About Me

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For those of you that don't know, I was diagnosed with ALS in March 2007. After two more opinions, the diagnosis was confirmed in the fall 2007 at age 39. This coming August (2010) I will have been married for seven years to an incredible wife, who has supported me throughout. During the course of our marriage we have been lucky to have two wonderful, amazing daughters. Sydney, will be 5 in November. Emily, will turn 2 1/2 in August. Currently, we reside in New Jersey with our Beagle, Trixie.

Thursday, July 29, 2010

Post 7 - Looking A Little Thin

First some exciting news. For those of you that do not know yet, we have officially launched our walk for a cure campaign. Our team, the ALS Wing Fighters, will be walking in the greater Philadelphia ALS walk on November 6 at Citizens Bank Park (home of the Phillies) in Philadelphia.  Please check out the invitation video that I posted to the blog on Monday, July 26.  Also, please consider joining our team and walking with us to raise awareness  (and funds, of course) and support for ALS patients and their families. You can join our team, make a donation, or both by clicking on the following link: Philadelphia walk-ALS Wing Fighters. Thanks for your support.

As I talked about above, the ALS walk is only a little more than three months away. I am actually very excited to be participating. It feels good to know I'm trying to do something to help myself and others with ALS. I am particularly excited about the video, inviting you all to join us. I wanted to thank Larry and Christine for putting the final touches on it and getting it up on YouTube.

One question I am frequently asked is "how are you doing?” As I've stated previously, it is not always an easy question for me to answer. I'm hesitant to say "great “because I'm not. I'm also hesitant to say "I feel like crap" because I am making a conscious effort to not be negative. If you were to see me walk or try and maneuver my arms you would know that something was wrong for sure.  It wasn't until recently, when I saw a picture of myself, did I realize how noticeable the muscle atrophy in my arms had become. My legs look only slightly better. In my opinion, I'm beginning to look a little like a stick man. I've attached a picture at the end of this post so you can make your own conclusion. Often, as most of you know, my simple answer to the question, how am I doing, is "okay", and except for a few people, I will rarely go into detail.  For the rest of you, today's your lucky day because I'm going to give you some insight as to how I feel and show you how you can check anytime you want.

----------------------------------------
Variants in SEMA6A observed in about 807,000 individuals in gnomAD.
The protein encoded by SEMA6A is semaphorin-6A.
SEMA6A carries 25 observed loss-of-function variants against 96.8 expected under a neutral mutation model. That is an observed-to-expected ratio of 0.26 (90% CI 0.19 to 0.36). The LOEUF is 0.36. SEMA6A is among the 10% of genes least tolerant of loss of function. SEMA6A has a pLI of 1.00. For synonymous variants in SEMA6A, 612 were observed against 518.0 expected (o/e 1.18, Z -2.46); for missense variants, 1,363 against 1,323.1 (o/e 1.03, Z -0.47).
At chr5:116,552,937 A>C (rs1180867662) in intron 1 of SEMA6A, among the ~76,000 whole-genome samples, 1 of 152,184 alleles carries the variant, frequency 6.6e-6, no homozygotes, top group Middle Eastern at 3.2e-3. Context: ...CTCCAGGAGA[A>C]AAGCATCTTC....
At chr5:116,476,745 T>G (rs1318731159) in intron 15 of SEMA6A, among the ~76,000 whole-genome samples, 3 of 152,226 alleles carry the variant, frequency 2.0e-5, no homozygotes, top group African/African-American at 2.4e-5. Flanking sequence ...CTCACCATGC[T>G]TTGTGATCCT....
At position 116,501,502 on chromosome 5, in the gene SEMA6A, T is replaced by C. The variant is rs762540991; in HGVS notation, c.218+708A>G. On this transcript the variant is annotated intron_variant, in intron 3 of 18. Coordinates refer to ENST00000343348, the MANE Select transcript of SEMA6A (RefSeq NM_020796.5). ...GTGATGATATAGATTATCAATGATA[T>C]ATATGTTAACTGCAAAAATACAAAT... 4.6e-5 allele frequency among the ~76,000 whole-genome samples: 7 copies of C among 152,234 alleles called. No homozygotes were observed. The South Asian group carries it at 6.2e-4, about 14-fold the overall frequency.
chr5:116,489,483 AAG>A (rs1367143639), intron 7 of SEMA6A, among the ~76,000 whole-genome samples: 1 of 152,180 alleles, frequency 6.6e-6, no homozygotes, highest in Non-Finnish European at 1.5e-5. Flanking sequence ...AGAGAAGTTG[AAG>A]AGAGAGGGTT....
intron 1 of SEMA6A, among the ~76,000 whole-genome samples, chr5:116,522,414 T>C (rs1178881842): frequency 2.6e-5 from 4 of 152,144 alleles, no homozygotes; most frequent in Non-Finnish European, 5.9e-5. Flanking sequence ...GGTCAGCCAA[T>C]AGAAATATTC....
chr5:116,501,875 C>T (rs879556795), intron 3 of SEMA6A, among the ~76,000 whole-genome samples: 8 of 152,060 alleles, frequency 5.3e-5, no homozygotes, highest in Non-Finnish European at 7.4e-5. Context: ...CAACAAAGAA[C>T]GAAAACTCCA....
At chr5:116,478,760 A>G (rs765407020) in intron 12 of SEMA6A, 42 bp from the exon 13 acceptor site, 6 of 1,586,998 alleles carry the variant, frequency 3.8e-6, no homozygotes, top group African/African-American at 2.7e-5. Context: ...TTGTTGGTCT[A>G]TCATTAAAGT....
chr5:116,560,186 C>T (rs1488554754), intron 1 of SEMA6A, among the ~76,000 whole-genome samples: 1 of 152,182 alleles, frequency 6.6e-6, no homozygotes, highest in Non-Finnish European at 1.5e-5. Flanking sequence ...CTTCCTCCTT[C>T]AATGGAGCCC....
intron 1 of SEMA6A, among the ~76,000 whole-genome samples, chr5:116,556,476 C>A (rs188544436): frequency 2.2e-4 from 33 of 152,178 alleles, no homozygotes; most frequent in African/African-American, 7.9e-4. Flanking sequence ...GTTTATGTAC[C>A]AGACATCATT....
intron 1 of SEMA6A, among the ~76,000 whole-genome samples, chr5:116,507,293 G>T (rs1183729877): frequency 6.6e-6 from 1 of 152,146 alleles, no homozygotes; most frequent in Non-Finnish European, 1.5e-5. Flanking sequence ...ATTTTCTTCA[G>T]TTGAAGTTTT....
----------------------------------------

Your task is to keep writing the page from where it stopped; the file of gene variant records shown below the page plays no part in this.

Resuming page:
On the upper right-hand column of this blog page there is a tab titled "How Am I Doing ".  Underneath that tab is a banner for a website called Patients like Me. This website allows people, who have been diagnosed with life-changing diseases, to share information regarding their condition with other patients who share similar illnesses. The website allows you to chart your condition, symptoms, and treatments as well as provide a forum for discussion with other patients, caregivers and medical professionals.  I have gained more useful information from this website in one visit then I have from all of my doctor visits, combined. By clicking on the Patients like Me banner, you will be taken to my profile page. One of the first things you will notice is a picture of Sydney and Emily sitting next to a hot mermaid. Next to the mermaid you'll see a little multicolored man. This little man is a quick indicator of my disease progression. Progression is measured in four separate areas, the head, the chest, the arms, and legs. The color green indicates no disease progression. Yellow indicates minimum disease progression. Orange indicates moderate disease progression and red indicates severe disease progression.

Underneath the little man, you'll notice several charts. The top chart represents my FRS score. FRS stands for Functional Rating Scale. The ALS Functional Rating helps you keep track of your overall condition by measuring symptoms in the four areas I talked about above. There are three questions for each area: bulbar (chewing and swallowing muscles), activities of daily living (arms), mobility (legs), and breathing. The highest rating, one can receive is a 48. Currently, my rating is a 35. You can follow the progression of my score over the past three years by rolling your cursor over the points plotted on the chart. Your FRS score is determined by a self rating scale in 12 different areas of functionality.

The specific questions asked, and my current level of functioning, is as follows:

Speech (bulbar) - Speech is about more than how your voice sounds. It's how well you feel forming words in your mouth.